The Room

Ray Wolf A sketch of her grandmother by Carla Mackinnon
Ray Wolf
A sketch of her grandmother by Carla Mackinnon

My aunt Ray Wolf, who died last month at the grand old age of 99, was a pretty extraordinary woman. It didn’t seem to matter who you were, where you were from, what age you were, she would give you the benefit of the doubt, which is probably why she seemed to touch so many lives and make many friends.

At her funeral, we heard plenty about her life, but perhaps the most remarkable testament to her philosophy of life came from a short story written by Naomi Bennett, the cousin of Dee Robinson, a close friend of Ray’s daughter Francesca.

I was struck by the story and asked Naomi if I could post it here, just to make it available to a wider public. This was the response I received.

“I was terribly sorry not to be able to attend Ray’s funeral and honoured that something I had written years ago would be read at the funeral. Of course you are welcome to use it. Again, I’m honoured that you would want to do so.

“Ray was one of the kindest, most generous people I have ever known. She used to describe her brother, Christopher, as someone who radiated goodness. I always thought that was an apt description of them both. I can’t quite believe Ray is really gone. There will never be another like her.”

And so, here is Naomi Bennett’s short story The Room.

Whenever I stay with Ray at her West Hampstead home in London, England, I am given the little bedroom at the top of the stairs. It has a single bed covered in blankets and quilts to stave off the damp chill of life without central heating.

Examining the bed coverings is like being on an archaeological dig where each layer reflects a different civilisation.

The sheets are old and patched. They speak of a time before everything became expendable. There is a blanket from World War Two when Ray was in the WRENS. It is warm and woollen and unashamedly serviceable. There’s a quilt with embroidered flowers, sewn by Ray’s mother in the 1920s for those of her children still in the nursery.

I remember Ray telling me that she briefly struggled with embroidery, herself, during the year before her mother finally allowed her to travel in Europe to study singing; the year she was in a school where young ladies learned ‘housewifery’, which included needlework, the management of a household, and the genteel supervision of servants. There’s a cheaper quilt of a synthetic fibre, a Safeway’s special from Ray’s time as a secretary after her husband, Simmy, died.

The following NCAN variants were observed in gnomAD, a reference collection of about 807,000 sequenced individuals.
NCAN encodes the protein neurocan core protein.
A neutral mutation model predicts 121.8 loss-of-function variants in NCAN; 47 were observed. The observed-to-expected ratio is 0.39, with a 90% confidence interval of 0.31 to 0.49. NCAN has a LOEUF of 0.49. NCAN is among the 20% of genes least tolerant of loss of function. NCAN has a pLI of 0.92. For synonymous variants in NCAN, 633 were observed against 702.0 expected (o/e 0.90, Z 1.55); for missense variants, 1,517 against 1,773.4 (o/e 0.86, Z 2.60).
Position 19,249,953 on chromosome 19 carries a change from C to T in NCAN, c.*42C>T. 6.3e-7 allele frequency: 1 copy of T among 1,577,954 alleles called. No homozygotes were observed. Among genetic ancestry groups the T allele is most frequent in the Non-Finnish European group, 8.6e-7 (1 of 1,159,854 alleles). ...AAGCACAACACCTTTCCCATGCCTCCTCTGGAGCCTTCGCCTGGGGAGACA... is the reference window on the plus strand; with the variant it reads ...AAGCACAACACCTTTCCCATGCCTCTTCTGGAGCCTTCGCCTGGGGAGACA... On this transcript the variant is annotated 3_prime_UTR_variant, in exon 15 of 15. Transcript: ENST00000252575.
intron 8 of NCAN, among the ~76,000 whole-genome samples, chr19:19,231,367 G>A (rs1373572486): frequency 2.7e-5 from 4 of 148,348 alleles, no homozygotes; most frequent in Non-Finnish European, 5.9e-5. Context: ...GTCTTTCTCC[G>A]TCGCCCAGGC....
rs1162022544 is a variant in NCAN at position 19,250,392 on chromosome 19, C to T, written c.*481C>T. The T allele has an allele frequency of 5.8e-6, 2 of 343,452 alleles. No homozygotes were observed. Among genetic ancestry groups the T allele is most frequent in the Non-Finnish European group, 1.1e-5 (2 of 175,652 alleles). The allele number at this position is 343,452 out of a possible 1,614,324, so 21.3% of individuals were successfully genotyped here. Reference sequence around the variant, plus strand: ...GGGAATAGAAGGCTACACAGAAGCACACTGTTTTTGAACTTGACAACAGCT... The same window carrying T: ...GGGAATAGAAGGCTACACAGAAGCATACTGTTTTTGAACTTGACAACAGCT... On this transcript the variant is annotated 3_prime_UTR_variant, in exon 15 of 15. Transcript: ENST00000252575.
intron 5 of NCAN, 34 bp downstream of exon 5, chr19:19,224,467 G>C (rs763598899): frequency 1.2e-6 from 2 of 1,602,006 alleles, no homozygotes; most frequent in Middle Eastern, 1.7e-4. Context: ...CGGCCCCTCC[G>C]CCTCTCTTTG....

On top is an Indian bedspread, one of the artifacts of her children’s hippy days. And next to the bed, there’s a small oak night table covered with a cloth from Simmy’s Polish-Jewish family, and flowers from the garden, in a small vase. A chest of drawers just fits next to a clothes rod with a curtain drawn round it. There’s a long string that pulls on a filament of electric heat on the wall.  The rug on the floor is ancient. And there are two pictures on the wall, a landscape and a portrait of an old man, both in wooden frames.

I don’t always look at details in rooms, but I’ve spent hours trying to take this one right into my cells.  Its shabbiness and beauty and history are almost like a song, a song that says what’s important is not lost and everything is sacred and yes, there is a home.

When I first met Ray, I was twenty-one. After she’d gotten me to climb over a fence because we had to see Kenwood, a London park, even though it was closed; and after she’d gotten me to lie on the ground looking at the daffodils from their own level right into their faces, and after she’d shaken up my belief system because I hadn’t known that people old enough to be my mother did that sort of thing; we went to 36 Westbere Rd.

Walking into that house felt like walking into the happy ending of a children’s story. We sat in the garden and talked.

She said: “One doesn’t like to hurt other people, does one?” and I, I who valued my rage more than anything in the universe, I who had not yet learned that it is love not power that transforms victimisation; I said to my astonishment: “No, one doesn’t want to hurt anyone.”

Because for the first time in my life, I believed someone didn’t want to hurt anybody and in response I didn’t want to hurt anybody either.

And that’s why I took in the little room at the top of the stairs as much as I could, that little yet infinite room at the top of the stairs. For it was in that room, I rediscovered faith.

©Naomi Bennett

 

Naomi Bennett is a psychotherapist who writes and paints. She lives in Canada.

And if you have memories of Ray, then feel free to add your anecdote below

 

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